Wednesday, December 17, 2014

Virgin Islands 2014: Leinster Bay to Sanders Bay

From Virgin Islands 2014
The next morning, we snorkeled over to Watermelon Cay, where there was plenty to see underwater and well worth the trouble. Even the mooring buoy we were tied to had great numbers of fish!
From Virgin Islands 2014

Then, we motor'd over to Haulover Bay in search of another snorkel spot, but couldn't find any mooring buoys. My goal was to spend the night in Coral Harbor, so as to facilitate an easy sail back to Tortola to return the boat the next day. Arturo and Amy had spotted Eagle Shoal, a hard to find diving spot, so we raised the sails and headed over there, getting within 0.5 nautical miles by sail before I turned on the engine and asked for the sails to be dropped.

While dropping the sail, however, one of the mooring lines went into the water and wrapped around the starboard prop, and we could not get it unwrapped despite cutting the line both ways. That put a kibosh to any diving for the day, so we motor'd on one engine into Coral Harbor and tied up at the first mooring buoy we could find, even though it was private. I was getting good at mooring on only one engine, but this was not the way I wanted to end the trip!

Arturo put on scuba tanks and went down to cut the line, but couldn't make any headway with the knives we had on the boat. We took the dinghy ashore and there found someone who loaned us a rusty serrated knife. With those tools, Arturo finally got all the lines and any remnants off the prop. We called Conch Charters and they asked us to do a few basic tests and then okay'd us to continue, warning us not to motor on the starboard engine any more than necessary.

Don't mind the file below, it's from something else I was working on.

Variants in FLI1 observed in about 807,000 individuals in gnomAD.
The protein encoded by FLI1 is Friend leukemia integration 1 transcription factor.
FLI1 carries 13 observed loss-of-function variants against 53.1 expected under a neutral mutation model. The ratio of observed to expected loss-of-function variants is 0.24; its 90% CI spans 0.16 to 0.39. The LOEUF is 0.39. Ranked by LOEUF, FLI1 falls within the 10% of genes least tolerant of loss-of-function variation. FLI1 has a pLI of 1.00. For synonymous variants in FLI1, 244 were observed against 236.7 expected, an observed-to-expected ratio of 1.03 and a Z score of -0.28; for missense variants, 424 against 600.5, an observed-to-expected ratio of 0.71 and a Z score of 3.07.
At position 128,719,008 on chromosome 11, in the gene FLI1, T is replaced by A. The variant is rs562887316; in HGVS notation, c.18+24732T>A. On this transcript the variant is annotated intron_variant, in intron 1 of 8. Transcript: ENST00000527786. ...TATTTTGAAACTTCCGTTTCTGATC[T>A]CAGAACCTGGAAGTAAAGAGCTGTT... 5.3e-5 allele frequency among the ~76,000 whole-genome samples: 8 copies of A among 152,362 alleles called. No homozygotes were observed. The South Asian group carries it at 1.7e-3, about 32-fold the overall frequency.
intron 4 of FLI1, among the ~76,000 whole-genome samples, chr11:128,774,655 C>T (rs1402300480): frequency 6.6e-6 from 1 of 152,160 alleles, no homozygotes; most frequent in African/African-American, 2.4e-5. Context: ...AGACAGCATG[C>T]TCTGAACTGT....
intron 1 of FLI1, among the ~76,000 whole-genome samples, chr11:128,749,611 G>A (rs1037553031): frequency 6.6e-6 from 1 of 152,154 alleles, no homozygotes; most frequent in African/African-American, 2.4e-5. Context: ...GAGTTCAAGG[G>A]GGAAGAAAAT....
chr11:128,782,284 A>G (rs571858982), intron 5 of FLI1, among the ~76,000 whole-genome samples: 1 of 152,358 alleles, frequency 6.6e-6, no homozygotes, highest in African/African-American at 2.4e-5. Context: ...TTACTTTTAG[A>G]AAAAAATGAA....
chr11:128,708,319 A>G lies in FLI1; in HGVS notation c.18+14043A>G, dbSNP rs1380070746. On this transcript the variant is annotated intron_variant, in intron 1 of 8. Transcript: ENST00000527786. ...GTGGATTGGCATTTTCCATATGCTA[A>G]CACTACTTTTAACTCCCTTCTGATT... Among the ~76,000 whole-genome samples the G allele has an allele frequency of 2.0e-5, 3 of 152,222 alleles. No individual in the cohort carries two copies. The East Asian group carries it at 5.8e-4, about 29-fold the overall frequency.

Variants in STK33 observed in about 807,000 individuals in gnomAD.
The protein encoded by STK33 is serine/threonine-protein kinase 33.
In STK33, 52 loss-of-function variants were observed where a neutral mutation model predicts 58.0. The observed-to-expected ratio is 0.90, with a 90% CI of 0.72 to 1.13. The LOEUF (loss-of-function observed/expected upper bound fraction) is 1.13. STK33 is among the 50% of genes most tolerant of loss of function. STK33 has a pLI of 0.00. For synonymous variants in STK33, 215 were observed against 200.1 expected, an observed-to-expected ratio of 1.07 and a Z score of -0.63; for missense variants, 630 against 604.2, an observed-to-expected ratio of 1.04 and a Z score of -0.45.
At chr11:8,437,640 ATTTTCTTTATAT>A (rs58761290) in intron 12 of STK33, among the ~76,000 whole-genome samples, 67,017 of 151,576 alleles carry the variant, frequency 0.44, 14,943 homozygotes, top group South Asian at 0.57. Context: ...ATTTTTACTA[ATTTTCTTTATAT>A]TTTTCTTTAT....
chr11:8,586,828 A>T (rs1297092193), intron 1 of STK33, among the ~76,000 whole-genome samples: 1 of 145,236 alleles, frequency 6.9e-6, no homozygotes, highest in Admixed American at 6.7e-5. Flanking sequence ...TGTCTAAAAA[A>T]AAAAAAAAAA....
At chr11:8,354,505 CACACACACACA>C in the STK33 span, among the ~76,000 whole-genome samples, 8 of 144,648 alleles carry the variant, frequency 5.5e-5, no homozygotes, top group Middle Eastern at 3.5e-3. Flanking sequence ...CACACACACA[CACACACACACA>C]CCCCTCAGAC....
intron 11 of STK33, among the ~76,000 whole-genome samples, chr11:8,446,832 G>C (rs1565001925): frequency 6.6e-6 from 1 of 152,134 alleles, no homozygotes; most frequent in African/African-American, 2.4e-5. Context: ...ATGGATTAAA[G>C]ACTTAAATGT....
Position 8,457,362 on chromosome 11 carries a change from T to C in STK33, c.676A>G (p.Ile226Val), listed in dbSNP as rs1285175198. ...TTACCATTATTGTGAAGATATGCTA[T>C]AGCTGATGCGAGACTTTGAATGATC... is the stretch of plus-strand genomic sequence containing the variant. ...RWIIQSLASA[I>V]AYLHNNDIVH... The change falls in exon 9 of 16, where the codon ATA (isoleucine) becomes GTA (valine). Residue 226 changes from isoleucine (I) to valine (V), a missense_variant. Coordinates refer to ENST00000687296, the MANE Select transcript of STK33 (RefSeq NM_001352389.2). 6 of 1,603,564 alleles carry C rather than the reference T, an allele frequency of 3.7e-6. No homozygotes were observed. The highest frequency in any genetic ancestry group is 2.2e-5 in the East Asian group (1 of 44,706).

Getting off the private mooring buoy, we motor'd over to Coral Harbor proper but couldn't find a good anchor spot. I therefore opted to anchor off Sanders Bay instead. After dropping anchor, however, a dive check revealed that the area was too muddy to check the anchor properly, so I opted to stay on the boat instead while the others took the dinghy into Coral Bay Harbor for a look see. I took the opportunity to set up the BBQ, do some reading, and start rinsing gear in preparation for returning the boat. In exchange, I was rewarded with glorious views of a double rainbow as rain swept into the harbor.
From Virgin Islands 2014

We had burgers that evening but didn't get much of a sunset as it was pretty rainy.

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Tuesday, December 16, 2014

Virgin Islands 2014: Sandy Spit to Leinster Bay

The morning revealed Sandy Spit to be empty, with only 3 boats choosing to anchor overnight there. This was a great anchorage, for not only was it sheltered, Little Jost Van Dyke and Green Cay were both uninhabited, so we had no mosquitoes, which were unwelcomed guests at Leverick Bay. We ate a quick breakfast and dinghy'd over to Sandy Spit, where we were the only group on the island, having it to ourselves until we left at 9:30am, whereupon a visiting boat dropped off a lone snorkler to add some company.
From Virgin Islands 2014
From Virgin Islands 2014
From Virgin Islands 2014

Occasionally, you would hear of people renting entire islands, such as Richard Branson's Necker Island for about $60,000 a night. These come with luxury accomodations, water toys, and all sorts of other things, including a large wait staff. But you can't pay for the experience of being on Sandy Spit or Sandy Cay by yourself, with nobody there (not even wait staff) while you walk around the island, snorkel, or build sand castles on a deserted beach. Even better, Sandy Spit had no mosquitoes (which was a problem on Sandy Cay in April), and was small enough to walk around even for a toddler. The only way to see such places is on a sailboat or tiny craft. Those who stay at land resorts don't get to visit such places easily, or overnight there and experience these gorgeous little places (such as the Baths) in solitude.
We had earlier debated doing more diving, or going over to St. John. I'd been very disappointed by the diving and the visibility of the water, so pushed for a visit to St. John, especially since my mom and Bowen wouldn't get very much out of diving spots. So we headed over to Great Harbor for a Mooring Buoy and Arturo, Amy, and I went over to the customs and immigration office to check out of the BVI to visit the U.S. Virgin Island of St John.